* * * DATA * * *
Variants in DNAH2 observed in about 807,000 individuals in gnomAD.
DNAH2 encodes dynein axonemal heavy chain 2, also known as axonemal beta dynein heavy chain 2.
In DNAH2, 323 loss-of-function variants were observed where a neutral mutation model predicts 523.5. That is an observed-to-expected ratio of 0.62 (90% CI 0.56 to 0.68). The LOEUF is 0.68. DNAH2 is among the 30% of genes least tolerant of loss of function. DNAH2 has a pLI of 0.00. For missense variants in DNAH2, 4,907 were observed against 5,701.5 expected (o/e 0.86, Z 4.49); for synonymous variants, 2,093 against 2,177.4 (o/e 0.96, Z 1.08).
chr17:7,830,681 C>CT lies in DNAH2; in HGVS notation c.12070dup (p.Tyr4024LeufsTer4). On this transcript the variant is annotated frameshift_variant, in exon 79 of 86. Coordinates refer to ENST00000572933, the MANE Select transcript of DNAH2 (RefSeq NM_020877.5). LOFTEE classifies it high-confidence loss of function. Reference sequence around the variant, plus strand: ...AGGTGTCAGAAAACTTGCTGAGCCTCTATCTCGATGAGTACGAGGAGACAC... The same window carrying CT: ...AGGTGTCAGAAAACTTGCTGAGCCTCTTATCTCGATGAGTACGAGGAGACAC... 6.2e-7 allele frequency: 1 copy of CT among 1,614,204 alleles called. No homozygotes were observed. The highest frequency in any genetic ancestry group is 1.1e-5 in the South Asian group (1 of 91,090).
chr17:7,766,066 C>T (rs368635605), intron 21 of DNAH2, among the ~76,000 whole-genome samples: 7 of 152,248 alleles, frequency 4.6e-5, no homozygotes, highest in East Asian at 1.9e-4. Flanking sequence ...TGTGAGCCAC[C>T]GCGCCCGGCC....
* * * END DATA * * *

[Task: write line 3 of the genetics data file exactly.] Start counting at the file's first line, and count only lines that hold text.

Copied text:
In DNAH2, 323 loss-of-function variants were observed where a neutral mutation model predicts 523.5. That is an observed-to-expected ratio of 0.62 (90% CI 0.56 to 0.68). The LOEUF is 0.68. DNAH2 is among the 30% of genes least tolerant of loss of function. DNAH2 has a pLI of 0.00. For missense variants in DNAH2, 4,907 were observed against 5,701.5 expected (o/e 0.86, Z 4.49); for synonymous variants, 2,093 against 2,177.4 (o/e 0.96, Z 1.08).